Os horários convencionais não se encaixam na agenda dos criativos. Eles fazem as coisas quando é melhor para eles.

10. ELES ENXERGAM OPORTUNIDADES ONDE OS OUTROS VEEM DIFICULDADES

A maioria dos criativos sabem que o copo está meio cheio.

Pessoas criativas (7)

Fonte: emlii.com

11. ELES SE APAIXONAM POR SUAS CRIAÇÕES EM UM DIA E NO OUTRO AS ODEIAM COMO NUNCA ANTES

Isso é um mistério, mas há algo que deixe os criativos inconstantes sobre seus trabalhos.

12. ELES ODEIAM SUAS CRIAÇÕES EM UM DIA E NO OUTRO ESTÃO COMPLETAMENTE APAIXONADOS POR ELAS

Assim como o #11. Uma loucura.

Pessoas criativas (6)

Fonte: flickr.com

13. ELES SÃO HUMILDES E ORGULHOSOS AO MESMO TEMPO

Pessoas criativas sempre estão dispostas a aprender, mas são extremamente orgulhosos quando se trata de suas ideias.

14. ELES ESTÃO SEMPRE À PROCURA DE NOVAS FORMAS DE SE EXPRESSAR

A busca por novidades nunca para. Qualquer que seja o criativo, ele sempre vai procurar (e encontrar) novas formas de expressar o que pensa e sente.

Pessoas criativas (5)

Fonte: whicdn.com

15. ELES PROCRASTINAM

Eles vão cumprir horários e entregas, mas é provável que tudo fique para o dia anterior. Ou para as últimas horas.

16. ELES VEEM O OUTRO LADO DA MOEDA

Os criativos sempre observam situações de diferentes pontos de vista.

Pessoas criativas (4)

Fonte: emlii.com

17. ELES NÃO GOSTAM DE LIMITES

Regras e limites, definitivamente, não foram feitas para criativos. É por isso que algumas vezes eles são vistos como rebeldes.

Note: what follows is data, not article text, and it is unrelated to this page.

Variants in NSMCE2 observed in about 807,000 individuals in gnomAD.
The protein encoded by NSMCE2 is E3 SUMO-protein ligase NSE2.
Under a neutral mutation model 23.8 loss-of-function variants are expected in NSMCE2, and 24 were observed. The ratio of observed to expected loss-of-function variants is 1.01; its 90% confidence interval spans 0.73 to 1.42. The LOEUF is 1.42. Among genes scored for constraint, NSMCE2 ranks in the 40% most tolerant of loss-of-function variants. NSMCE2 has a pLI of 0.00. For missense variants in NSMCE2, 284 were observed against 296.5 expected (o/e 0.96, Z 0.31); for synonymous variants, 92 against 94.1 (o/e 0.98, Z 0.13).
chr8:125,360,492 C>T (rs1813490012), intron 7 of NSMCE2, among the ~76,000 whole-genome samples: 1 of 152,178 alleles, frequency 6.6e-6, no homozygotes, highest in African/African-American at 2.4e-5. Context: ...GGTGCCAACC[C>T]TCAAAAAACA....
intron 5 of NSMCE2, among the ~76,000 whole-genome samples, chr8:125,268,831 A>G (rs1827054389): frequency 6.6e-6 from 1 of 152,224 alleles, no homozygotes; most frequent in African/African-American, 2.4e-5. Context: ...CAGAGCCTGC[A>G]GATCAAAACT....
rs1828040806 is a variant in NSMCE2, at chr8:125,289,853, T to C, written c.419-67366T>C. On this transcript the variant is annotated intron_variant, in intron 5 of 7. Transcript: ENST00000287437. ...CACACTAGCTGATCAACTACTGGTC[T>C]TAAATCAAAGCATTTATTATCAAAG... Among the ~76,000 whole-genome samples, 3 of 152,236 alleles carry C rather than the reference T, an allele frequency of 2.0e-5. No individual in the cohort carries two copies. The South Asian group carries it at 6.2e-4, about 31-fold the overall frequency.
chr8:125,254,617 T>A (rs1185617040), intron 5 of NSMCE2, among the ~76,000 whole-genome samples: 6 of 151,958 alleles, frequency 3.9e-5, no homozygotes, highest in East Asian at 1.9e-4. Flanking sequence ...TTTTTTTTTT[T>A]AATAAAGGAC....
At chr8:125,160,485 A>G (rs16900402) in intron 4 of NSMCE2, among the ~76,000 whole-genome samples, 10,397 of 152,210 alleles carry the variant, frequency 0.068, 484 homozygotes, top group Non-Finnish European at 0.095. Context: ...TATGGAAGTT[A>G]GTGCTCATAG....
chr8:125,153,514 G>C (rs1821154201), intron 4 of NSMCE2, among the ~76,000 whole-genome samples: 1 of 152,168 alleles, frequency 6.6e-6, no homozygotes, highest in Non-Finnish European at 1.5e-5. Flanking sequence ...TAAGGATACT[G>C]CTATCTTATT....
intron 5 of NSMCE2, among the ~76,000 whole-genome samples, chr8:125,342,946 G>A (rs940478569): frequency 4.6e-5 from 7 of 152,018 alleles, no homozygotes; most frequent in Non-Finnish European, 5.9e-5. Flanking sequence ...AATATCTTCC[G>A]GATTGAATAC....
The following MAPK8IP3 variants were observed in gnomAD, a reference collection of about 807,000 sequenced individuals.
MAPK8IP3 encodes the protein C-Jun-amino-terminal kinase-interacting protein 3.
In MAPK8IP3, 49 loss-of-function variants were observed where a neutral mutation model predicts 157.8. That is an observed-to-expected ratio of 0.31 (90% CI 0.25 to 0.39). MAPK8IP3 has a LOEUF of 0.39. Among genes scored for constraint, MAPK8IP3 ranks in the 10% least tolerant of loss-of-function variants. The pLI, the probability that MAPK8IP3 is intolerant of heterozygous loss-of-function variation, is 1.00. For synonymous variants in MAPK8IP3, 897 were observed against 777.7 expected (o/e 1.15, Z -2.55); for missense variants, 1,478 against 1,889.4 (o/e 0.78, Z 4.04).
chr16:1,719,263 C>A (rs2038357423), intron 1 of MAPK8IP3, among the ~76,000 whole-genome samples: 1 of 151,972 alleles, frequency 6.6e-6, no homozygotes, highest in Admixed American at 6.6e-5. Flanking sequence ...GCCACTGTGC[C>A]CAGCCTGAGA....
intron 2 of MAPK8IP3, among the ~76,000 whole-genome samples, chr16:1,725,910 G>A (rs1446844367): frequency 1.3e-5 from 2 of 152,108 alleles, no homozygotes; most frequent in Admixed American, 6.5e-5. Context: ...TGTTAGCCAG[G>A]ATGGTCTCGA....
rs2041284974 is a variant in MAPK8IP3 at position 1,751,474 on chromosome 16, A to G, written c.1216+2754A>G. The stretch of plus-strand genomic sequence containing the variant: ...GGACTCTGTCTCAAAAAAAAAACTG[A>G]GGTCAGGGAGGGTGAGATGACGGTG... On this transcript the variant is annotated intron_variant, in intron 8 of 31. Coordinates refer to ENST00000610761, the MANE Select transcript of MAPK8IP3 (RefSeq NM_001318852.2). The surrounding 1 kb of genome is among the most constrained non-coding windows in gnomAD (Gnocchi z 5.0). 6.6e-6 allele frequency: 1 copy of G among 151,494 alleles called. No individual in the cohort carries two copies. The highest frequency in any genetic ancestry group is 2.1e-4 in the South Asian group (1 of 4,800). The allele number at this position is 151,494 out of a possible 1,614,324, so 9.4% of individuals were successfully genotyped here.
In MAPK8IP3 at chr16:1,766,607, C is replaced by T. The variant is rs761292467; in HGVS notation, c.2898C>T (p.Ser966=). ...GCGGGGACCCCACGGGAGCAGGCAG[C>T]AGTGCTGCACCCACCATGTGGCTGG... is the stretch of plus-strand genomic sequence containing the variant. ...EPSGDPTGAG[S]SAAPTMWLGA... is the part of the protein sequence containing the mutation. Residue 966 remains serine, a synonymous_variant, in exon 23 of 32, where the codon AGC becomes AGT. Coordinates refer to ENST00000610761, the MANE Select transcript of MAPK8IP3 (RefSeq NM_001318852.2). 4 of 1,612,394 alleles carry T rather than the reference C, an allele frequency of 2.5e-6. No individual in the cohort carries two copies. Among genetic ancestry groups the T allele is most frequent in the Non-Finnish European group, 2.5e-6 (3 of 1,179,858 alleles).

18. ELES NÃO COSTUMAM GOSTAR DE NÚMEROS

Tente obrigar pessoas criativas a estudar matemática e veja como eles odeiam números.

Pessoas criativas (3)

Fonte: francoisebertieaux.be

19. ELES SÃO GRANDES OBSERVADORES

Qualquer coisa pode servir de inspiração para os criativos, por isso estão sempre observando pessoas e situações. Até os mínimos detalhes.

20. ELES ESTÃO SEMPRE BUSCANDO NOVAS EXPERIÊNCIAS

Fugir da rotina é uma ótima maneira de se manterem motivados. Lembra do #3?

Pessoas criativas (2)

Fonte: jornaldoempreendedor.com.br

21. ELES RECOMEÇAM TUDO DE NOVO

O recomeço não é um medo de pessoas criativos. Se algo não está bom, recomeçar tudo de novo de um jeito melhor não é um problema.

22. ELES AMAM

Eles amam a vida, as pessoas, os animais, a natureza… eles amam tudo que é belo e puro. O amor dos criativos pela vida é contagiante e realmente pode transformar relacionamentos. Fique próximo de pessoas criativas, eles vão fazer sua vida um pouco mais interessante.

Pessoas criativas (1)

Fonte: youthvoices.net

Essa lista foi feita para pessoas criativas, mas eu digo que também é para aqueles menos criativos, porque no fim todos nós somos criativos. Cada um a sua maneira. 😉